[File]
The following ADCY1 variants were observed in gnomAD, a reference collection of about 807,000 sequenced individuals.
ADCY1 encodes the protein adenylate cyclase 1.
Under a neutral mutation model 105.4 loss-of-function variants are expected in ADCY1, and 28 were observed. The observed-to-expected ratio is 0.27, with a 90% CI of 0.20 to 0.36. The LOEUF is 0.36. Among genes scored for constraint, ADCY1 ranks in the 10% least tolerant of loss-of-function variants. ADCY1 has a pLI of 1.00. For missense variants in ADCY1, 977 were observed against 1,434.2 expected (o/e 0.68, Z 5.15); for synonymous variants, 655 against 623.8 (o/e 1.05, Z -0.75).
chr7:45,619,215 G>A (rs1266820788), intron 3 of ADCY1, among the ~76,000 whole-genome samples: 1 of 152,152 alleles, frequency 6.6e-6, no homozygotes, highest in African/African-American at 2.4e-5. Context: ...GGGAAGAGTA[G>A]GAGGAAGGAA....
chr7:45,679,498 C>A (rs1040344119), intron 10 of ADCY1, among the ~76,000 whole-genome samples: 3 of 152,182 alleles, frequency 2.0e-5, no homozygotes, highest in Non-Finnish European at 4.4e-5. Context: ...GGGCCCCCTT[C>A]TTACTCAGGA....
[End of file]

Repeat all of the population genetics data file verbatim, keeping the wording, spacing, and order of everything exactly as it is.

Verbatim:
The following ADCY1 variants were observed in gnomAD, a reference collection of about 807,000 sequenced individuals.
ADCY1 encodes the protein adenylate cyclase 1.
Under a neutral mutation model 105.4 loss-of-function variants are expected in ADCY1, and 28 were observed. The observed-to-expected ratio is 0.27, with a 90% CI of 0.20 to 0.36. The LOEUF is 0.36. Among genes scored for constraint, ADCY1 ranks in the 10% least tolerant of loss-of-function variants. ADCY1 has a pLI of 1.00. For missense variants in ADCY1, 977 were observed against 1,434.2 expected (o/e 0.68, Z 5.15); for synonymous variants, 655 against 623.8 (o/e 1.05, Z -0.75).
chr7:45,619,215 G>A (rs1266820788), intron 3 of ADCY1, among the ~76,000 whole-genome samples: 1 of 152,152 alleles, frequency 6.6e-6, no homozygotes, highest in African/African-American at 2.4e-5. Context: ...GGGAAGAGTA[G>A]GAGGAAGGAA....
chr7:45,679,498 C>A (rs1040344119), intron 10 of ADCY1, among the ~76,000 whole-genome samples: 3 of 152,182 alleles, frequency 2.0e-5, no homozygotes, highest in Non-Finnish European at 4.4e-5. Context: ...GGGCCCCCTT[C>A]TTACTCAGGA....